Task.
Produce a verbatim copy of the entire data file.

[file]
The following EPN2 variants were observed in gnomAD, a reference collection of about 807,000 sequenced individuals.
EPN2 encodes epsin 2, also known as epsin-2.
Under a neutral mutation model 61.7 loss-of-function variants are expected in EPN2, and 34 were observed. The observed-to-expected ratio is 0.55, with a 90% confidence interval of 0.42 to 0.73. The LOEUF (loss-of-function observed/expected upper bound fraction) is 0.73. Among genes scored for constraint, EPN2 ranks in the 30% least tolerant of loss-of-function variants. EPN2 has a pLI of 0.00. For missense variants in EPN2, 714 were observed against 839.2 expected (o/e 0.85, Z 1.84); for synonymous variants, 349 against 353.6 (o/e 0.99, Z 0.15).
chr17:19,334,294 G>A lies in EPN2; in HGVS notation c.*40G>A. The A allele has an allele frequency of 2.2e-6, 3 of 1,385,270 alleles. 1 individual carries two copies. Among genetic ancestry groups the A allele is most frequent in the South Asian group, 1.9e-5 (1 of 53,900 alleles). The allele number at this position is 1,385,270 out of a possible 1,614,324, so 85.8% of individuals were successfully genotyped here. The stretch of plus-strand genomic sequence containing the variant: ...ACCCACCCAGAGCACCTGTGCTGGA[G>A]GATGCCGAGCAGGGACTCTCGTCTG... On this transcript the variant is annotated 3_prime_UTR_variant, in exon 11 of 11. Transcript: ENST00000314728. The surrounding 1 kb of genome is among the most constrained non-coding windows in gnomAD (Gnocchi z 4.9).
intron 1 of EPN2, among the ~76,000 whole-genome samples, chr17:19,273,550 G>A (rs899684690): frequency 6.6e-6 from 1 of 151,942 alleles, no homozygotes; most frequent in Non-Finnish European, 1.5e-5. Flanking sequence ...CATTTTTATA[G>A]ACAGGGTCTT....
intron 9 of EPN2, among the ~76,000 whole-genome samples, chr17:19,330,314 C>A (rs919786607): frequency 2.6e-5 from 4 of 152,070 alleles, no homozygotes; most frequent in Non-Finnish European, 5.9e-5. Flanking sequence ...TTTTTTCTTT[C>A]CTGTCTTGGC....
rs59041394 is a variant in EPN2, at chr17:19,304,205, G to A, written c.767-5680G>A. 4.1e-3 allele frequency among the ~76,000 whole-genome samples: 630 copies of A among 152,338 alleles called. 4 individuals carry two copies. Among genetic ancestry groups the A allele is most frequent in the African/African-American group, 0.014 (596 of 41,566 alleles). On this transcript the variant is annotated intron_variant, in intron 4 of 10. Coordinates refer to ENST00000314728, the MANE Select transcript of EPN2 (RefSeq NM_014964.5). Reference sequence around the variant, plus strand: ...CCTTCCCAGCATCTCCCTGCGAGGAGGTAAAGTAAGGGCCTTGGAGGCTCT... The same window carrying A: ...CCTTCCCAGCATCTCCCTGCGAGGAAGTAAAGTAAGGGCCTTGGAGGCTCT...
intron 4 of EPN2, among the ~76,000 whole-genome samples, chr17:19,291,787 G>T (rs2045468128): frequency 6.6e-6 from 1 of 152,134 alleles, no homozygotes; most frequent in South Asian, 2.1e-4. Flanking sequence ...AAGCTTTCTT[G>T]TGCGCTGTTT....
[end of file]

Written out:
The following EPN2 variants were observed in gnomAD, a reference collection of about 807,000 sequenced individuals.
EPN2 encodes epsin 2, also known as epsin-2.
Under a neutral mutation model 61.7 loss-of-function variants are expected in EPN2, and 34 were observed. The observed-to-expected ratio is 0.55, with a 90% confidence interval of 0.42 to 0.73. The LOEUF (loss-of-function observed/expected upper bound fraction) is 0.73. Among genes scored for constraint, EPN2 ranks in the 30% least tolerant of loss-of-function variants. EPN2 has a pLI of 0.00. For missense variants in EPN2, 714 were observed against 839.2 expected (o/e 0.85, Z 1.84); for synonymous variants, 349 against 353.6 (o/e 0.99, Z 0.15).
chr17:19,334,294 G>A lies in EPN2; in HGVS notation c.*40G>A. The A allele has an allele frequency of 2.2e-6, 3 of 1,385,270 alleles. 1 individual carries two copies. Among genetic ancestry groups the A allele is most frequent in the South Asian group, 1.9e-5 (1 of 53,900 alleles). The allele number at this position is 1,385,270 out of a possible 1,614,324, so 85.8% of individuals were successfully genotyped here. The stretch of plus-strand genomic sequence containing the variant: ...ACCCACCCAGAGCACCTGTGCTGGA[G>A]GATGCCGAGCAGGGACTCTCGTCTG... On this transcript the variant is annotated 3_prime_UTR_variant, in exon 11 of 11. Transcript: ENST00000314728. The surrounding 1 kb of genome is among the most constrained non-coding windows in gnomAD (Gnocchi z 4.9).
intron 1 of EPN2, among the ~76,000 whole-genome samples, chr17:19,273,550 G>A (rs899684690): frequency 6.6e-6 from 1 of 151,942 alleles, no homozygotes; most frequent in Non-Finnish European, 1.5e-5. Flanking sequence ...CATTTTTATA[G>A]ACAGGGTCTT....
intron 9 of EPN2, among the ~76,000 whole-genome samples, chr17:19,330,314 C>A (rs919786607): frequency 2.6e-5 from 4 of 152,070 alleles, no homozygotes; most frequent in Non-Finnish European, 5.9e-5. Flanking sequence ...TTTTTTCTTT[C>A]CTGTCTTGGC....
rs59041394 is a variant in EPN2, at chr17:19,304,205, G to A, written c.767-5680G>A. 4.1e-3 allele frequency among the ~76,000 whole-genome samples: 630 copies of A among 152,338 alleles called. 4 individuals carry two copies. Among genetic ancestry groups the A allele is most frequent in the African/African-American group, 0.014 (596 of 41,566 alleles). On this transcript the variant is annotated intron_variant, in intron 4 of 10. Coordinates refer to ENST00000314728, the MANE Select transcript of EPN2 (RefSeq NM_014964.5). Reference sequence around the variant, plus strand: ...CCTTCCCAGCATCTCCCTGCGAGGAGGTAAAGTAAGGGCCTTGGAGGCTCT... The same window carrying A: ...CCTTCCCAGCATCTCCCTGCGAGGAAGTAAAGTAAGGGCCTTGGAGGCTCT...
intron 4 of EPN2, among the ~76,000 whole-genome samples, chr17:19,291,787 G>T (rs2045468128): frequency 6.6e-6 from 1 of 152,134 alleles, no homozygotes; most frequent in South Asian, 2.1e-4. Flanking sequence ...AAGCTTTCTT[G>T]TGCGCTGTTT....